Watch: How Muslim Rioters Prepare for Violence on Temple Mount

Behind-the-scenes video of how Arabs barricaded in Al-Aqsa Mosque in advance with stockpiles of rocks and explosives on Rosh Hashanah.

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Police in Al-Aqsa Mosque
Police in Al-Aqsa Mosque
Israel Police

The Foreign Ministry released a revealing video showing how radical Islamists barricaded themselves in the Al-Aqsa Mosque on the Temple Mount to attack police during the two day Rosh Hashanah holiday, which spanned from Sunday night to Tuesday night.

A statement from the ministry noted that on Sunday, "a group of some 150 radical Islamic operatives rioted on the Temple Mount/Haram al-Sharif plaza in Jerusalem's Old City."

"The riots were launched with the intent of undermining the status quo on the Temple Mount, which protects the right of Muslims to pray in the al-Aqsa mosque, as well as the freedom of all people, regardless of their faith, to visit the Mount. The rioters disrupted visits by tourists and Israelis to the Temple Mount plaza - the holiest site in Judaism."

In fact, Israeli law protects the freedom of Jews and other non-Muslims not only to visit the Temple Mount but also to pray there, as the ministry noted by stating, "Israel's official policy, first laid down in its Declaration of Independence, protects freedom of religion and worship for all faiths."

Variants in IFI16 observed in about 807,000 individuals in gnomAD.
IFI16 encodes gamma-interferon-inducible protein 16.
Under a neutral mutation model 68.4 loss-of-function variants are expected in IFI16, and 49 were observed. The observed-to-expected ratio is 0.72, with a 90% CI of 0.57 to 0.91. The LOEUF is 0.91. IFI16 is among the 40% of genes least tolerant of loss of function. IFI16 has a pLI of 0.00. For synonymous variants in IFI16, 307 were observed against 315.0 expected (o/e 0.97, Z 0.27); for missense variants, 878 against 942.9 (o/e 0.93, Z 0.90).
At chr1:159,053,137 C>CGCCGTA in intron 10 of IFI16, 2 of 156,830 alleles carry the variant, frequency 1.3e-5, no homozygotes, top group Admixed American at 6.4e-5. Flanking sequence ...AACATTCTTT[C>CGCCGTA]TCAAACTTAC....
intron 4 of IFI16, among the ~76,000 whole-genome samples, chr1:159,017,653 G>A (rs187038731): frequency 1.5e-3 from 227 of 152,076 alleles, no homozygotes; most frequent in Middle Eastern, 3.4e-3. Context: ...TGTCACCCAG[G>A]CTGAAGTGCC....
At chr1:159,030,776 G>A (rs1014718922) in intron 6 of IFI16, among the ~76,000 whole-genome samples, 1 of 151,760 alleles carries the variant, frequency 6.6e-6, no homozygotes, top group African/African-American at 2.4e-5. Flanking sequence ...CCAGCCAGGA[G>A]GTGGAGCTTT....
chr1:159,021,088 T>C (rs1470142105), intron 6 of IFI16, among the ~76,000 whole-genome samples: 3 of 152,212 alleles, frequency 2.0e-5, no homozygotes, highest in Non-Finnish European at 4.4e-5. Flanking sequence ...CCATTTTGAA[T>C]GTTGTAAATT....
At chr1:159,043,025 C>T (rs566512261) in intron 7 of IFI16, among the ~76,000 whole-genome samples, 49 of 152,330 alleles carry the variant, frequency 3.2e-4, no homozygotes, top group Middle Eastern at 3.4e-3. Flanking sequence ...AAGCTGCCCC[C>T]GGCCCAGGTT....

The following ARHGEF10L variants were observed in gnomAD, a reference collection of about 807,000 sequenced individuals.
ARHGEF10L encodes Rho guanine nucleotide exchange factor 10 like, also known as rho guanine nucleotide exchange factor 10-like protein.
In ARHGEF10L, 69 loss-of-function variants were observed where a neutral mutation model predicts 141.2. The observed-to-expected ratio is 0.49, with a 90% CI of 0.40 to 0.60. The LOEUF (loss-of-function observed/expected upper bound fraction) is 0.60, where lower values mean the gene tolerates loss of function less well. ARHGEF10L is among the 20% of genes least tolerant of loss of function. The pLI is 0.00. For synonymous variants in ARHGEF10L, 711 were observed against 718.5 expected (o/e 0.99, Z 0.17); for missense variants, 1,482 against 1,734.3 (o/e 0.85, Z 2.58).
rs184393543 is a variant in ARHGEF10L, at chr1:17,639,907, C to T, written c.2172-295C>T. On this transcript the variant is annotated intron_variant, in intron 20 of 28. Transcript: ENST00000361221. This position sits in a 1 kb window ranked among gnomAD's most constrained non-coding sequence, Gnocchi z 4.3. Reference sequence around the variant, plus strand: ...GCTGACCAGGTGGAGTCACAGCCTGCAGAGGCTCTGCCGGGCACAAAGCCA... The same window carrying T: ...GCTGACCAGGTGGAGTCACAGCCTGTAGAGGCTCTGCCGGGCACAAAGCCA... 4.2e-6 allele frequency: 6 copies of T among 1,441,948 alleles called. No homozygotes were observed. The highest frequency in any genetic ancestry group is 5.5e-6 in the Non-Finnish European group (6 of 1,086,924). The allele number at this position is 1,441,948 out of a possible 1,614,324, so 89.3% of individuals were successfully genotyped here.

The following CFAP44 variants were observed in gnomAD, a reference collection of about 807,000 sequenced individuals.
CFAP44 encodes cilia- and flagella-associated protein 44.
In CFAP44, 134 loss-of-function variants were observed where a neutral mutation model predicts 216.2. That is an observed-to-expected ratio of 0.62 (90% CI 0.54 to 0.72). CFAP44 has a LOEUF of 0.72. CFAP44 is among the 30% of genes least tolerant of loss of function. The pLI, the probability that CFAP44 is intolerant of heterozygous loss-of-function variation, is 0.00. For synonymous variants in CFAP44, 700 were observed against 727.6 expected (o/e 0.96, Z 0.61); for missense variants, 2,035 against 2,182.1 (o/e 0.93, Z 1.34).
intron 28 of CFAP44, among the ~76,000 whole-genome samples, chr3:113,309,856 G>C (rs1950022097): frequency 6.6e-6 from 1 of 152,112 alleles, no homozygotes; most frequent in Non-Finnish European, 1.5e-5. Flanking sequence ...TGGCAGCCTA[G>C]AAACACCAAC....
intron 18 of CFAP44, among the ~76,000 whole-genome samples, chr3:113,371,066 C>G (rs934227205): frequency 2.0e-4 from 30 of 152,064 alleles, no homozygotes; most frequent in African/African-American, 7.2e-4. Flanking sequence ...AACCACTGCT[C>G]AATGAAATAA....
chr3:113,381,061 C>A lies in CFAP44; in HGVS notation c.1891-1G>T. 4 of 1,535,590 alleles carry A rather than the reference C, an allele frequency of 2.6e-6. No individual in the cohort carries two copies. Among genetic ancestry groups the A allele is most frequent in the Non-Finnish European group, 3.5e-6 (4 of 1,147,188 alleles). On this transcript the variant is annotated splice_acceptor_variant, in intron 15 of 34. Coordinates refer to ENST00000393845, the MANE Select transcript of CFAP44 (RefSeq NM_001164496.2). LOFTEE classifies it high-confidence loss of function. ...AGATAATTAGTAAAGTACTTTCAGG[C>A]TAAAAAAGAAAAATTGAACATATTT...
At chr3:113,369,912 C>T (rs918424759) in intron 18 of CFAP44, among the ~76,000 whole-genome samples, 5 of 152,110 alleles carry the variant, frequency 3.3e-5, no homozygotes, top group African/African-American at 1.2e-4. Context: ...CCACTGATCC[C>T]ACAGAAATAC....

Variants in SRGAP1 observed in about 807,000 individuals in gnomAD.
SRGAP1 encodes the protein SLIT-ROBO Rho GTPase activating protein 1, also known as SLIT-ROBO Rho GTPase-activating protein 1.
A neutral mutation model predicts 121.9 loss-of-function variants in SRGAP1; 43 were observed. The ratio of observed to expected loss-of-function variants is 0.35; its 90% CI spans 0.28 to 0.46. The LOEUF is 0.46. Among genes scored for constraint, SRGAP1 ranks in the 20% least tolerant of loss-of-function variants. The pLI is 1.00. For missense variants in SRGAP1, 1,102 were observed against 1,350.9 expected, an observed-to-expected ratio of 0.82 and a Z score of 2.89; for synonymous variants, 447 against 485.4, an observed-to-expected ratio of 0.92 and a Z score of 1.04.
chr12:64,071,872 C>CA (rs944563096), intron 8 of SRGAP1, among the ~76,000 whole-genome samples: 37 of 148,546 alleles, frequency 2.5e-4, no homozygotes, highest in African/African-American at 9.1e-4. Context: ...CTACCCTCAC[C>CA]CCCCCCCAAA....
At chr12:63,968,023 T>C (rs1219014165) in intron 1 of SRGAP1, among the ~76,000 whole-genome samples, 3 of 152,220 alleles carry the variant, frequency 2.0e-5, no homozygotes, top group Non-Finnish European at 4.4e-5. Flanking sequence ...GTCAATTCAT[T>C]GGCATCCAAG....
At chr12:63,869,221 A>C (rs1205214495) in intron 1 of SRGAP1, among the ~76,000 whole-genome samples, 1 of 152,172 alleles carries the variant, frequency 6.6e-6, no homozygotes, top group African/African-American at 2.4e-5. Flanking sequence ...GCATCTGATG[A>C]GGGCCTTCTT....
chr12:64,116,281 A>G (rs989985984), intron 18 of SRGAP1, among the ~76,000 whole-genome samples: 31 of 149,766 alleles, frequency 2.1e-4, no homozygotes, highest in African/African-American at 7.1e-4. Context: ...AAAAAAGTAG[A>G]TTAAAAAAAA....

However, after the Mount was liberated in the 1967 Six Day War it was left under the de facto control of the Jordanian Waqf, which has banned Jewish prayer at the holiest site in Judaism in a discriminatory status quo the government recently reaffirmed it intends to maintain.

The ministry noted that in the Rosh Hashanah riots, "the operatives clearly planned their aggression many days ahead: they had barricaded themselves in advance inside the al-Aqsa mosque, where they stockpiled rocks, planks, wooden sheets and fireworks, and also prepared Molotov cocktail firebombs and explosive devices."

Police locked the rioters in the mosque so as to restore order and allow visitors to return to the site. That law enforcement - and not the Arab riots - received widespread condemnation, as Saudi Arabia appealed to the UN to take action against Israel.

Even after Rosh Hashanah ended, the riots continued on Wednesday, with Arab MKs even getting in on the action attacking police and harassing Jews.

The planned riot to block Jewish access to the Temple Mount on the Jewish New Year is part of a pattern that has been repeated numerous times. In July on Tisha B'Av, a day mourning the destruction of the First and Second Temple, Arab rioters similarly barricaded themselves in the mosque to launch an attack.